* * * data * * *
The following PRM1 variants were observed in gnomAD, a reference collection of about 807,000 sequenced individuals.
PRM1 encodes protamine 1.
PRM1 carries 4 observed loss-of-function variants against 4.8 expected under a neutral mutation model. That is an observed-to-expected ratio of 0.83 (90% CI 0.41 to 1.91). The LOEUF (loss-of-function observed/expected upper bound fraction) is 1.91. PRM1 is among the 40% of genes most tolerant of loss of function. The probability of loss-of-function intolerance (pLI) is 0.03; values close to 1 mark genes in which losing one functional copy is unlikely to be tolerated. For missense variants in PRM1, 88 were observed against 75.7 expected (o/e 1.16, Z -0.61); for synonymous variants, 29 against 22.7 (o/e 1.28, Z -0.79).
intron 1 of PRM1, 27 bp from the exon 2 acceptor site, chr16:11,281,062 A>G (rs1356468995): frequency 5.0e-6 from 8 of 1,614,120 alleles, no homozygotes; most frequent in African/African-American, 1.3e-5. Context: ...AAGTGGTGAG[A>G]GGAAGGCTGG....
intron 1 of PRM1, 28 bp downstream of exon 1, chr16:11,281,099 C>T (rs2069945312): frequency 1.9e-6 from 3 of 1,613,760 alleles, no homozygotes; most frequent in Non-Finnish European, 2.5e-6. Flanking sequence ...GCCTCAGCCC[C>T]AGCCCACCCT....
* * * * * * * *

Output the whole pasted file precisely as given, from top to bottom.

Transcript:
The following PRM1 variants were observed in gnomAD, a reference collection of about 807,000 sequenced individuals.
PRM1 encodes protamine 1.
PRM1 carries 4 observed loss-of-function variants against 4.8 expected under a neutral mutation model. That is an observed-to-expected ratio of 0.83 (90% CI 0.41 to 1.91). The LOEUF (loss-of-function observed/expected upper bound fraction) is 1.91. PRM1 is among the 40% of genes most tolerant of loss of function. The probability of loss-of-function intolerance (pLI) is 0.03; values close to 1 mark genes in which losing one functional copy is unlikely to be tolerated. For missense variants in PRM1, 88 were observed against 75.7 expected (o/e 1.16, Z -0.61); for synonymous variants, 29 against 22.7 (o/e 1.28, Z -0.79).
intron 1 of PRM1, 27 bp from the exon 2 acceptor site, chr16:11,281,062 A>G (rs1356468995): frequency 5.0e-6 from 8 of 1,614,120 alleles, no homozygotes; most frequent in African/African-American, 1.3e-5. Context: ...AAGTGGTGAG[A>G]GGAAGGCTGG....
intron 1 of PRM1, 28 bp downstream of exon 1, chr16:11,281,099 C>T (rs2069945312): frequency 1.9e-6 from 3 of 1,613,760 alleles, no homozygotes; most frequent in Non-Finnish European, 2.5e-6. Flanking sequence ...GCCTCAGCCC[C>T]AGCCCACCCT....